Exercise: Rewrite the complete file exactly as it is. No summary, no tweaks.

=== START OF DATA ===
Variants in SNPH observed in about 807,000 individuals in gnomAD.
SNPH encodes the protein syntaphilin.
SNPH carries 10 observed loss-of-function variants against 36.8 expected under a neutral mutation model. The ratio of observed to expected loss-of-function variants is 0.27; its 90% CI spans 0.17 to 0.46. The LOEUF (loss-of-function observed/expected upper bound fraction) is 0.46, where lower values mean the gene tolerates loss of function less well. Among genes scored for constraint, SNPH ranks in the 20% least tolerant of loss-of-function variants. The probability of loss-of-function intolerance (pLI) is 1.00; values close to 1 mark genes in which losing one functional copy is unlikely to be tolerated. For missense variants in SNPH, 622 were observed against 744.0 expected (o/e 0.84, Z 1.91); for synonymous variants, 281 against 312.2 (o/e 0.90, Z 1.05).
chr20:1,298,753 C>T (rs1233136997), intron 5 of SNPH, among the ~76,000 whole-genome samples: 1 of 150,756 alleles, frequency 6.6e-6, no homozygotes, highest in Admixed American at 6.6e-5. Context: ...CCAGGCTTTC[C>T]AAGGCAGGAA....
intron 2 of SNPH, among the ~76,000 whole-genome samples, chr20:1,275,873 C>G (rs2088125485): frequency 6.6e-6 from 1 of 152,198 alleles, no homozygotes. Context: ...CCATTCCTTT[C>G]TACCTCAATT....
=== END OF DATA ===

Variants in SNPH observed in about 807,000 individuals in gnomAD.
SNPH encodes the protein syntaphilin.
SNPH carries 10 observed loss-of-function variants against 36.8 expected under a neutral mutation model. The ratio of observed to expected loss-of-function variants is 0.27; its 90% CI spans 0.17 to 0.46. The LOEUF (loss-of-function observed/expected upper bound fraction) is 0.46, where lower values mean the gene tolerates loss of function less well. Among genes scored for constraint, SNPH ranks in the 20% least tolerant of loss-of-function variants. The probability of loss-of-function intolerance (pLI) is 1.00; values close to 1 mark genes in which losing one functional copy is unlikely to be tolerated. For missense variants in SNPH, 622 were observed against 744.0 expected (o/e 0.84, Z 1.91); for synonymous variants, 281 against 312.2 (o/e 0.90, Z 1.05).
chr20:1,298,753 C>T (rs1233136997), intron 5 of SNPH, among the ~76,000 whole-genome samples: 1 of 150,756 alleles, frequency 6.6e-6, no homozygotes, highest in Admixed American at 6.6e-5. Context: ...CCAGGCTTTC[C>T]AAGGCAGGAA....
intron 2 of SNPH, among the ~76,000 whole-genome samples, chr20:1,275,873 C>G (rs2088125485): frequency 6.6e-6 from 1 of 152,198 alleles, no homozygotes. Context: ...CCATTCCTTT[C>G]TACCTCAATT....